Green SuperFood Isn't
Last night, I was on the move, and didn’t have the time to stop for a full dinner, so I dropped in on a Whole Foods store in the hopes of finding something both satisfying and nourishing. I picked up a Sambazon Acai, blueberry and pomegranate juice blend (also with agave, apple, grape and acerola juice) that was quite satisfying.
I also picked up an Organic Green SuperFood energy bar, from Amazing Grass, which was not. Was not amazing. Was not really organic. Was not superfood. It was green, in the worst sense – like the sense of the color that some bodily fluid left somewhere to fester for a month might be green.
This bar managed to be unsatisfyingly crunchy in some places and slimy in other places. Parts of it tasted like bad chocolate. Parts of it were bland. Other parts tasted like fruit that’s been sitting out for too long.
The promise of this energy bar is that it’s organic, but it contains pineapple, cane sugar, green tea, cocoa butter, chocolate, “natural vanilla flavor”, and raspberries that were not grown organically. This labeling is all legal, but it’s still nonsense. If a single crop is raised only partly organically, it can’t be labeled as “organic”, but a food made from many crops can be labeled as “organic” if only some of those crops are organic, see.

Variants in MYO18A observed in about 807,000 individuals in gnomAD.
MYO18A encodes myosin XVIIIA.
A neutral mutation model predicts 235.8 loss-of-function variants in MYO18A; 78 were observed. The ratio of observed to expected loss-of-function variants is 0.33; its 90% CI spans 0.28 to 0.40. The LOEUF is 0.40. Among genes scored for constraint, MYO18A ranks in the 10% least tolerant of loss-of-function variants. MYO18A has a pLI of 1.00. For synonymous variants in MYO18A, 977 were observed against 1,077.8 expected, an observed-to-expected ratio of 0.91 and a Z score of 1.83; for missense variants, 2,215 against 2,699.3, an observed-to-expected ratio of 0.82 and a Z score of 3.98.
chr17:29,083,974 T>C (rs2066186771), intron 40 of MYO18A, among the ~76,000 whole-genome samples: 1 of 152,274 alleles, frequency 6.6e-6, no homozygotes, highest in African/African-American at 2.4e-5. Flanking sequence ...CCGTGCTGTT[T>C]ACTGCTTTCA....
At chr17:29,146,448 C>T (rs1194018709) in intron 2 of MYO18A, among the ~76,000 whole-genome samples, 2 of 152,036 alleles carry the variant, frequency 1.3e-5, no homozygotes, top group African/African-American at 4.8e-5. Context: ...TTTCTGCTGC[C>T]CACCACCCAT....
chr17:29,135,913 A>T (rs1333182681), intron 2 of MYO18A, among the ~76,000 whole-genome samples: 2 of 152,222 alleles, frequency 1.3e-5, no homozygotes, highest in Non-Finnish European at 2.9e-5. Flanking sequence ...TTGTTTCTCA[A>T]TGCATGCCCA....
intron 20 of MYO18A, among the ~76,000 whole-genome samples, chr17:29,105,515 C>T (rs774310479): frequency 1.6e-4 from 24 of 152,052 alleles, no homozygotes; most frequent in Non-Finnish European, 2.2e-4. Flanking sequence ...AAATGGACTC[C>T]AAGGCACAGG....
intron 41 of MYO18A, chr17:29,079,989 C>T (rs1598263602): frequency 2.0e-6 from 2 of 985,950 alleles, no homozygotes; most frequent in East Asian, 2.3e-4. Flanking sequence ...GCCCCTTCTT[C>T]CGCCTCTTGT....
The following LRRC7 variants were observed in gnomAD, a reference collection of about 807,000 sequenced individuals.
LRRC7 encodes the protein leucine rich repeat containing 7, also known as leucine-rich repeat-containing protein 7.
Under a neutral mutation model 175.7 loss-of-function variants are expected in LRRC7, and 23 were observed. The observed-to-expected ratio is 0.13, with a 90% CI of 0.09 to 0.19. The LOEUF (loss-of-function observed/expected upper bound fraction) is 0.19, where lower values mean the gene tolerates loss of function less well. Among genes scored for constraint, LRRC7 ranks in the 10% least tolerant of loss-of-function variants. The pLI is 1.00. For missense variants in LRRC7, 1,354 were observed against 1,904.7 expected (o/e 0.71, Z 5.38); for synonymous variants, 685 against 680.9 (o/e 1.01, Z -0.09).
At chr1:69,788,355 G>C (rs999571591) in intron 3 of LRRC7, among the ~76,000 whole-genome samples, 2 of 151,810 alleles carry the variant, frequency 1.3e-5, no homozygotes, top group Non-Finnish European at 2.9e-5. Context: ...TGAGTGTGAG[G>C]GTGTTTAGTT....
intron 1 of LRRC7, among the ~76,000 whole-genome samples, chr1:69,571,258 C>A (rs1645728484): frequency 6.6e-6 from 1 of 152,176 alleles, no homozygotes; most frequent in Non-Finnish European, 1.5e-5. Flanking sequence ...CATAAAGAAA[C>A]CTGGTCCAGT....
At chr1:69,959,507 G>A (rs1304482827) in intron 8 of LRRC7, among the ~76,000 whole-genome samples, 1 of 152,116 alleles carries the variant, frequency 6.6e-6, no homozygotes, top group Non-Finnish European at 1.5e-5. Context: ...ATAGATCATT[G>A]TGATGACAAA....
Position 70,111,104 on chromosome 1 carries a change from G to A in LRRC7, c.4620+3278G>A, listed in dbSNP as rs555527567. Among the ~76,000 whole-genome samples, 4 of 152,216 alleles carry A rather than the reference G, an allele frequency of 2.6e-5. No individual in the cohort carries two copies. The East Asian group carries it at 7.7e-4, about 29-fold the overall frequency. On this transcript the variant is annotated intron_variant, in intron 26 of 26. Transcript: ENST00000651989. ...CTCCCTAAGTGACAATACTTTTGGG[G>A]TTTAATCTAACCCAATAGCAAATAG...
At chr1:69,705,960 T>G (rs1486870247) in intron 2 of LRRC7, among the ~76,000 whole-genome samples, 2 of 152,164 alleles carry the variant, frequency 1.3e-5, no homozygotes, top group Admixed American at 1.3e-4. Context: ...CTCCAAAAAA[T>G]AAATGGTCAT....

The Amazing Grass company promised that this energy bar would “satisfy your hunger and deliver nutrients to your body the way that Mother Nature intended”. If Mother Nature intended me to eat Organic Green SuperFood energy bars, 1) She would have made them growing on trees; and 2) She would have made them taste and feel less disgusting in the human mouth.
Oh, but it’s “gluten free”. Apparently, Mother Nature didn’t intend anyone to eat gluten, which is why, uh, it’s found in wheat grain. The aliens from Alpha Centauri must have transplanted wheat here on Earth when Mother Nature wasn’t looking. Damn GMO aliens!